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 (kŏch′ə-nēl′, kŏch′ə-nēl′, kō′chə-, kō′chə-)
1. A red colorant, whose primary constituent is carminic acid, that is made of the dried and pulverized bodies of female cochineal insects and is used to color food and cosmetics.
2. A vivid red.

[French cochenille, from Spanish cochinilla, cochineal insect, probably from Vulgar Latin *coccinella, from feminine diminutive of Latin coccinus, scarlet, from Greek kokkinos, from kokkos, seed, grain, dried female kermes insect (used in making scarlet dye), of unknown origin.]

coch′i·neal′ adj.


(ˌkɒtʃɪˈniːl; ˈkɒtʃɪˌniːl)
1. (Animals) Also called: cochineal insect a Mexican homopterous insect, Dactylopius coccus, that feeds on cacti
2. (Cookery) a crimson substance obtained from the crushed bodies of these insects, used for colouring food and for dyeing
3. (Dyeing) a crimson substance obtained from the crushed bodies of these insects, used for colouring food and for dyeing
4. (Colours)
a. the colour of this dye
b. (as adjective): cochineal shoes.
[C16: from Old Spanish cochinilla, from Latin coccineus scarlet-coloured, from coccum cochineal kermes, from Greek kokkos kermes berry]


(ˌkɒtʃ əˈnil, ˌkoʊ tʃə-, ˈkɒtʃ əˌnil, ˈkoʊ tʃə-)

a red dye prepared from the dried bodies of the females of the cochineal insect, Dactylopius coccus, which lives on cactuses of warm regions.
[1575–85; < Middle French cochinille < Sp cochinilla the insect; of obscure orig.]
ThesaurusAntonymsRelated WordsSynonymsLegend:
Noun1.cochineal - a red dyestuff consisting of dried bodies of female cochineal insects
dye, dyestuff - a usually soluble substance for staining or coloring e.g. fabrics or hair
2.cochineal - Mexican red scale insect that feeds on cacticochineal - Mexican red scale insect that feeds on cacti; the source of a red dye
scale insect - small homopterous insect that usually lives and feeds on plants and secretes a protective waxy covering
Dactylopius, genus Dactylopius - type genus of the Dactylopiidae


[ˈkɒtʃɪniːl] Ncochinilla f


[ˌkɒtʃɪˈniːl] n (= food colouring) → colorant m rouge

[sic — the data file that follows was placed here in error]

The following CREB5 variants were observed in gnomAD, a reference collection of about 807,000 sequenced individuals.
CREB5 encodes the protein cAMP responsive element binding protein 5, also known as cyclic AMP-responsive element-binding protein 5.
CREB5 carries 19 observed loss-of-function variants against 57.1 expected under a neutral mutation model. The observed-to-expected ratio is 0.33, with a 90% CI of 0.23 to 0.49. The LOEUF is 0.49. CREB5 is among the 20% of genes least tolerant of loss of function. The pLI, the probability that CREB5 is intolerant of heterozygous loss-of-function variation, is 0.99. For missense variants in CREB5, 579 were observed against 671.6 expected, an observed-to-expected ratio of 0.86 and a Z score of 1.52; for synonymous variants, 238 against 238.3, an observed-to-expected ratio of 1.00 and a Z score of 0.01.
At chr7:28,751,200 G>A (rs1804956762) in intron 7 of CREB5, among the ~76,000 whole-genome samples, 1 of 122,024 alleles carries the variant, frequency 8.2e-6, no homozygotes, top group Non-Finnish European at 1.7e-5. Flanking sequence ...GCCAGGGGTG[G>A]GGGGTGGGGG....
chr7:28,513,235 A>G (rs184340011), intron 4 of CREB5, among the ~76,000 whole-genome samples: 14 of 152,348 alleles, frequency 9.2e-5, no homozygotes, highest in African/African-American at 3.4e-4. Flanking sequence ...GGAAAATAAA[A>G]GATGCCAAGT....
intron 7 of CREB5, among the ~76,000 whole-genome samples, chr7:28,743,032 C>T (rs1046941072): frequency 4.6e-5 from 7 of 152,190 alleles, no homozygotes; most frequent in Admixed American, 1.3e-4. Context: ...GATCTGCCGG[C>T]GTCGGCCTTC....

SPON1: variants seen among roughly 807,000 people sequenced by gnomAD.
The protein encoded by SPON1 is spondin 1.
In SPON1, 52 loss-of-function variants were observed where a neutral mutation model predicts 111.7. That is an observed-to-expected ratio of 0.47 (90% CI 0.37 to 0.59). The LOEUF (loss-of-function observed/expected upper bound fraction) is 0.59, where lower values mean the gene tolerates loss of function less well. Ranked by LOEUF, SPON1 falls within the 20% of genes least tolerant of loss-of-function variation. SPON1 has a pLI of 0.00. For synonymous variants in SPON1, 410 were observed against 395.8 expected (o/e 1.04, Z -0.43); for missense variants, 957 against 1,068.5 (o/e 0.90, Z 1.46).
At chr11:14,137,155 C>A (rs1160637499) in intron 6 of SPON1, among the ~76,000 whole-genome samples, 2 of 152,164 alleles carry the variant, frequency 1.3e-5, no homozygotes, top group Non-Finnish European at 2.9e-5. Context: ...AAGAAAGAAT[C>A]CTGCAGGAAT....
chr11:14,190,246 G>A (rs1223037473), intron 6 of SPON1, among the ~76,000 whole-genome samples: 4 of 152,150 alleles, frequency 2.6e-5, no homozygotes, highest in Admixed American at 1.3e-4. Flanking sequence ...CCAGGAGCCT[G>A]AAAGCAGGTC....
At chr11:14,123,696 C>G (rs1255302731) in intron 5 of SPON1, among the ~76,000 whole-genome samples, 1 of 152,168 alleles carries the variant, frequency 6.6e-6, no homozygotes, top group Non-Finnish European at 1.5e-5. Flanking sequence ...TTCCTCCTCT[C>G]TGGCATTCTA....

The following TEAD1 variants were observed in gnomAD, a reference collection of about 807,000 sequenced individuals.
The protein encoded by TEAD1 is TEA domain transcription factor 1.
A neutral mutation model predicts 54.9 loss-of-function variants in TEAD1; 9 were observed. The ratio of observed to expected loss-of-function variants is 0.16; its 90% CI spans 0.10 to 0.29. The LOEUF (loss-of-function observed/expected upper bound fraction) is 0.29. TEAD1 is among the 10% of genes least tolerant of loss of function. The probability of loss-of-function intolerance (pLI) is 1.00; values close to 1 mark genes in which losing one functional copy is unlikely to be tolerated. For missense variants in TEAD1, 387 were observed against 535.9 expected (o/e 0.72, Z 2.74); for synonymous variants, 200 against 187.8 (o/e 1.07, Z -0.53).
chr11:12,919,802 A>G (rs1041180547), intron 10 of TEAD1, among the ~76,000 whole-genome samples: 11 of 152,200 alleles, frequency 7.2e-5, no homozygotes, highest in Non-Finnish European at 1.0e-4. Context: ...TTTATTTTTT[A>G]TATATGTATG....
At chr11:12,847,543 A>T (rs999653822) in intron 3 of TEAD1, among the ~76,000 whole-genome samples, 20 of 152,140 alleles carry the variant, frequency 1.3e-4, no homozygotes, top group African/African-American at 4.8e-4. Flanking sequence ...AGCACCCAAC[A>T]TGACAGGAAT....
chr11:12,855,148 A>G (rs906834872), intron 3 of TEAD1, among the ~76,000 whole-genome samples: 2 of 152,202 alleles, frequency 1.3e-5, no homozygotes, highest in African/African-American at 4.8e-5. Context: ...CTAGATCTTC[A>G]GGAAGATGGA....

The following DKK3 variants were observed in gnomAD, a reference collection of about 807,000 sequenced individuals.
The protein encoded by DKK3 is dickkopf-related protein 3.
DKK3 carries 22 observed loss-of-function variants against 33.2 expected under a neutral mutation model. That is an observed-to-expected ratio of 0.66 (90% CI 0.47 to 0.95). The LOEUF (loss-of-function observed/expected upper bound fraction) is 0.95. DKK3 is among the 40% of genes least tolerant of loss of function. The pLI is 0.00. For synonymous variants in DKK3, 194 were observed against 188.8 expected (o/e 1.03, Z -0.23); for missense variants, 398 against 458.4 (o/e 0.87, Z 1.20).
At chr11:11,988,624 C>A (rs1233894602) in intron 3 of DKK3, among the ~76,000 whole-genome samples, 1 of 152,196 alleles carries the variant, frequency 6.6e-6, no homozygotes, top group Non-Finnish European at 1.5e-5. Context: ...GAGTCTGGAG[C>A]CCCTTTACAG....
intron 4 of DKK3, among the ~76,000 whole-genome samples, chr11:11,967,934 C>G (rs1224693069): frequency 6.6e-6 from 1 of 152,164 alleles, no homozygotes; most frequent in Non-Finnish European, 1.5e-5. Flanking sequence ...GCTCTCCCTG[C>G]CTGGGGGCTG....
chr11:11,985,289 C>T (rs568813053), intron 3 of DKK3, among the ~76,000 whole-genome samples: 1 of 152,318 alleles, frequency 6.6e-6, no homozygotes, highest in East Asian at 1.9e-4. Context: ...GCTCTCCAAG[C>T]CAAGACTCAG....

n (= insect, colouring)Koschenille f
References in periodicals archive ?
The gnarled trunk has been covered, almost beyond recognition, with wine-red powder made from the crushed bodies of cochineal insects, while white carnation petals have been sprinkled on the base of the construction.
Productivity of cochineal insects Dactylopius coccus (Hemiptera: Dactylopiidae) reared on cactus pear cladodes Opuntia ficus-indica (cactacea) produced under different fertilization conditions.
Cochineal insects feed on a certain type of cactus native to South America and Mexico.
To reach this objective, it is necessary to assure a better production by protecting this strategic culture from the most important pest, notably, diaspines cochineal insects which cause infestations often difficult to quantify on all North band of Algeria (Kosztarab, 1990).
10) However, as we will see, early scholarship did not clearly distinguish between multiple species, but rather spoke of cochineal insects as if they were a single species with domesticated and wild members.
1) Nikiforuk makes a simple entomological error here: several pages are devoted to cochineal insects as if they were beetles; they are, in fact, scale insects, close relatives of aphids.
Companies from Wuhan (China) to Tarrytown (New York) were offering bright natural colorings made from red cabbage, purple sweet potatoes, grape skins, black carrots, beet roots, cochineal insects, and (not yet allowed in American foods) blue gardenias.
I find the value of cochineal insects to their "keepers" remarkable and Waldbauer introduces this world in a colorful way.